Proof that Motorola has finally made a Moto X that can take pretty pictures. | Photo by Andy Ihnatko

The things I liked about the 2013 Moto X remain in place. Motorola has been doing some exciting things with gesture behaviors and contextual awareness; it’s 100% committed to the idea that the journey toward phone interface nirvana didn’t end with the development of multitouch. It sets the X apart from all other phones I’ve tried.

The other signature thing about the X is its styling. The 2014 edition retains the original’s curves. The band of aluminum around its perimeter is new. Like the metal band around the iPhone 5S, it houses the device’s antennas. The Moto Maker tool (where you design your own color combinations) also offers leather as an option. My sample is backed in nice, creamy leather that smells like the new wallet that my grandmother used to give me for Christmas on alternate years. It sure contributes to a premium feel.

Something called the Motorola Turbo Charger (capitalize those letters, Andy) promises to put up to eight hours of battery life into a dead Moto X in just 15 minutes. That’s an added accessory. Let’s see if it works. As someone who often forgets that a phone won’t charge if there are too many air molecules between the end of the charging cable and the USB socket on the phone, I’m intrigued.

Launch the camera app just by flicking the phone when you take it out of your pocket. Works a treat and it becomes second nature. Pass your hand over the screen while the phone is on the table and the screen will discreetly tell you which apps have new information for you. It gets to know you, over time, and suggests features that will help you, specifically, out.

The Moto X will be available in the US for $99 with contract. It’s $499 unlocked and off-contract. Motorola will also be releasing a Developer Edition that’s similar to the Google Play versions of HTC and Samsung phones. That model has an unlocked bootloader. It’ll also receive Android updates much faster than the stock Moto X, due to the fact that Motorola will only have to QA it as a generic unlocked international GSM phone.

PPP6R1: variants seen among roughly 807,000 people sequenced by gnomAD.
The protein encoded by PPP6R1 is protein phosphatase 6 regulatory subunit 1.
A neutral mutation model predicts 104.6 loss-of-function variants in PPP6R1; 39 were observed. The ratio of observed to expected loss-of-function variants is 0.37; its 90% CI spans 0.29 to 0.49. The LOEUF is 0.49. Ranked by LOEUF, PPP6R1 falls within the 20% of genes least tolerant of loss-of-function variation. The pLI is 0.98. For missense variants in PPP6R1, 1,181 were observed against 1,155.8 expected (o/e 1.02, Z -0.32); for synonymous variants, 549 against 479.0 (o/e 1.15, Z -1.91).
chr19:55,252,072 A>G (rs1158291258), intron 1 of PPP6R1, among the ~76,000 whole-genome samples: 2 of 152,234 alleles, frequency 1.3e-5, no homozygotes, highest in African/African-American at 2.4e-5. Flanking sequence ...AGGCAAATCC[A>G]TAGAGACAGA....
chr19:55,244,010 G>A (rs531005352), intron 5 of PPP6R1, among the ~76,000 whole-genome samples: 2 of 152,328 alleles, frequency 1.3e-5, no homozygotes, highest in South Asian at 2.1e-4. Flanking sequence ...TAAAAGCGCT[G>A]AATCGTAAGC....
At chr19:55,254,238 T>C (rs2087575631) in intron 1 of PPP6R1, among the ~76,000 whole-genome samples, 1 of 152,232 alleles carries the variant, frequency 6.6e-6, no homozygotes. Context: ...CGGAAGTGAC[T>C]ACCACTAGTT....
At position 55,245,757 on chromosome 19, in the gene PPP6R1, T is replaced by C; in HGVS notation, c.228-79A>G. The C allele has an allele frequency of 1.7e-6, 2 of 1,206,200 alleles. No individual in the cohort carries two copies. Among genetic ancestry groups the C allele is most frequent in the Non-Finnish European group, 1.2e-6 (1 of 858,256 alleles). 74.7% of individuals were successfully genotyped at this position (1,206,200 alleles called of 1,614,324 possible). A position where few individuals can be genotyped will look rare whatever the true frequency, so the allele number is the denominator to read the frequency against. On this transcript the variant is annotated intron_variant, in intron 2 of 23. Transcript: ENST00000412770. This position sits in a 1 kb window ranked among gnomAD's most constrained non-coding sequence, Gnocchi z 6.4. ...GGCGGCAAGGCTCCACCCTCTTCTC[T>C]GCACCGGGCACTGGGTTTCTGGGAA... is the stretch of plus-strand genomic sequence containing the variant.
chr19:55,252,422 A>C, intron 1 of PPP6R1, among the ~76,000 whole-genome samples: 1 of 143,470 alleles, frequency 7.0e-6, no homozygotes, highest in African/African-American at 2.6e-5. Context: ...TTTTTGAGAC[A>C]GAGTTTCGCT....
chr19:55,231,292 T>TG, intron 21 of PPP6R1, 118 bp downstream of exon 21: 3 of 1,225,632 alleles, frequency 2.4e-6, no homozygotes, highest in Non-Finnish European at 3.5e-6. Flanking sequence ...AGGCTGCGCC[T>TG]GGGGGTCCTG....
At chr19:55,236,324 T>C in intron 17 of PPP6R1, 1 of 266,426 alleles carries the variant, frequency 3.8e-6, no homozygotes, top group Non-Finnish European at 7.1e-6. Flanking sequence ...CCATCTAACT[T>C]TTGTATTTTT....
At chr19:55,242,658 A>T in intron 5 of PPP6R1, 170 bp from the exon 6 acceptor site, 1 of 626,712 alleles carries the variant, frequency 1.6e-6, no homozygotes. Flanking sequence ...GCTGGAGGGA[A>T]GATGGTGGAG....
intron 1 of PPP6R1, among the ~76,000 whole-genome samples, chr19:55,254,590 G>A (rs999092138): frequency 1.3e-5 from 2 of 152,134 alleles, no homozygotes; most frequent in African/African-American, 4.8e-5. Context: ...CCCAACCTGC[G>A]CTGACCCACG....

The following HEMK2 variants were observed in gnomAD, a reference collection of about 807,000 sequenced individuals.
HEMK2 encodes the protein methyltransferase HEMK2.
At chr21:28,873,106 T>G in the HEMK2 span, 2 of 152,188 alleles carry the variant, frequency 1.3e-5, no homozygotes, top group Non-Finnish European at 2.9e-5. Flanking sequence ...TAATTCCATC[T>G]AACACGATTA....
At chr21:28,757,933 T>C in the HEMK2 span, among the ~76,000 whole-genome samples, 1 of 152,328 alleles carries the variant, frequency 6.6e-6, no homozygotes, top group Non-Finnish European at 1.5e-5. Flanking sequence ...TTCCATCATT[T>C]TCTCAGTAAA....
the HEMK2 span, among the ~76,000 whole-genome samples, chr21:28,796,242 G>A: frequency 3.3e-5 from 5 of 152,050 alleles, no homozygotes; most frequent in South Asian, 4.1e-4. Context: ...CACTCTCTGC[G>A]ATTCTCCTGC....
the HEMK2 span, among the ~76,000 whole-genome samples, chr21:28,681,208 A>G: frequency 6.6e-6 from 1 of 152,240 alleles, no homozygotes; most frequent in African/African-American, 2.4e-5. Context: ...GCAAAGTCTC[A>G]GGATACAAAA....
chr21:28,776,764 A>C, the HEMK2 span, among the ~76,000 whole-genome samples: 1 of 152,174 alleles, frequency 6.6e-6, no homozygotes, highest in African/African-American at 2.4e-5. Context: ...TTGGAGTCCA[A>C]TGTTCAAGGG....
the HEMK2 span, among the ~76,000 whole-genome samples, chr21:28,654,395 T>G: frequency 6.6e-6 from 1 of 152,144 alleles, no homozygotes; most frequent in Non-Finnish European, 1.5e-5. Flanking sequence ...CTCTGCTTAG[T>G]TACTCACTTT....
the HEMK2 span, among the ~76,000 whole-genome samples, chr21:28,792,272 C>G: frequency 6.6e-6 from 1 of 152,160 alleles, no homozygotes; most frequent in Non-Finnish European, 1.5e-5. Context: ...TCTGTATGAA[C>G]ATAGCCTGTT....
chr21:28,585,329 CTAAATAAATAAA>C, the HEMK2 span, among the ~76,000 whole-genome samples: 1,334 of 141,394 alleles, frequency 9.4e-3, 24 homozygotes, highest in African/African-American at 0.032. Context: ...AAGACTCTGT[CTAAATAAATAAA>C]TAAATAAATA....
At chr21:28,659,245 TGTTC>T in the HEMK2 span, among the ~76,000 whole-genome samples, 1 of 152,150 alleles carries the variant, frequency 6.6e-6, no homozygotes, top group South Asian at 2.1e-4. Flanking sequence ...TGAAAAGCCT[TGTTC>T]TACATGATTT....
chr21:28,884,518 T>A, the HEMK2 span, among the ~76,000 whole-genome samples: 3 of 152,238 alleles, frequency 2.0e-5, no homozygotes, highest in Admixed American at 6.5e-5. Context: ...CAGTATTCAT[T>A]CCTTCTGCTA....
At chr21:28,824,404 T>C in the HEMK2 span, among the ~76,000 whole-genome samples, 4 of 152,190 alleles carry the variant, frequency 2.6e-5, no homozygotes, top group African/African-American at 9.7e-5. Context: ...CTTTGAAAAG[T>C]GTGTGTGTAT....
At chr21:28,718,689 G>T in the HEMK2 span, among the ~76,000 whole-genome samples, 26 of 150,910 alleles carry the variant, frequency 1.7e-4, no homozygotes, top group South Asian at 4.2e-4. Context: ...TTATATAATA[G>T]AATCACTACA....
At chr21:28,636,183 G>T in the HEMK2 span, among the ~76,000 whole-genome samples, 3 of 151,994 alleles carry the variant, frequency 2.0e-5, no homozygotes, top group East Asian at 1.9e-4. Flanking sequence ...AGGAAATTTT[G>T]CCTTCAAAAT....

Being out-and-about with the new Moto X was a good experience and I’m eager to put my SIM in there and start deep-soak testing. It’s already blown my Nexus 5 out of the water. My hotel is inside such a canyon of tall buildings that I wasn’t able to get any data connection whatsoever on my Nexus. Even my iPad can barely squeak out a dial-up-grade connection.

This new Moto X is on the same AT&T network as both of those devices. It’s getting a strong five bars and full LTE speed. Nice first day, wouldn’t you say?

The 360’s like a watch, not like a little phone. |Photo by Andy Ihnatko

Moto 360

Here, finally, is the Android Wear watch that Motorola showed off at Google’s developer conference this summer. I was apprehensive. LG and Samsung were shipping smart watches with square screens. It’s the sort of design that comes to mind when you imagine a smart watch.

The Moto 360 is round, with a 1.56-inch display. There’s never been a computer of any kind with a real, round screen. Was that a good idea? We live in world where information is formatted into squares, you know. And, in photos as well as videos, the thing looked ginormous. Not as big as the tuna cans that I sometimes see on the wrists of tourists here in Boston, but wow, it looked like an off-putting size.

Well. I’ve been wearing the 360 for seven hours and I’m reminded of the reasons why I don’t shoot my mouth off before I’ve actually seen something in person.

The photos and videos lie. The Moto 360 is a substantial watch, sure, but it’s inside the bandwidth of “normal” for watches — given the extreme range of styles you can find in any watch department. I wore it to the Art Institute of Chicago and (due to getting myself lost a lot) I had plenty of conversations with information desk people. They had plenty of opportunities to say “Holy Zarquon’s singing fish! What the hell is that thing on your wrist? Have you escaped from house arrest or something?” but the 360 on my wrist didn’t attract any attention at all.

And it’s super-light. It actually weighs less than the Pebble Steel smart watch that I wore on this trip. I’m still curious to know how female consumers will react to the 360, though. The good news there is that the strap of the watch is just a watch strap, and that it connects to the 360 deeply enough that the watch doesn’t “bridge” over a smaller wrist.

I don’t think I should say very much about the day-to-day experience of using the Moto 360. Because “day-to-day” implies that I’ve used it for more than one day. I haven’t had enough experiences to draw any real conclusions.

Instead, I’ll tell you how the Moto 360 has helped me out Thursday.

Or even just about an hour ago. I remembered that the ship date on the original Moto G was in 2013. But I don’t trust my memory when I’m writing, so I reached for my Nexus phone to do a quick search.

Oh, wait: I have this thing on my wrist. I flicked my wrist to wake the phone (I could have tapped the clickybutton on the side) and said “OK, Google.” The screen switched to a Google Now-style interface. “What year was the Moto G introduced?” Voice-to-text worked quickly and pulled up the relevant piece of information, right on the watch face.

I was relaxing in bed after five hours of walking (4,064 steps … built-in activity tracker. My heart rate is currently 71 beats per minute). I noticed that there was a Google Now card on the watch telling me that my flight home tomorrow is number (so and so) and it’s still on time.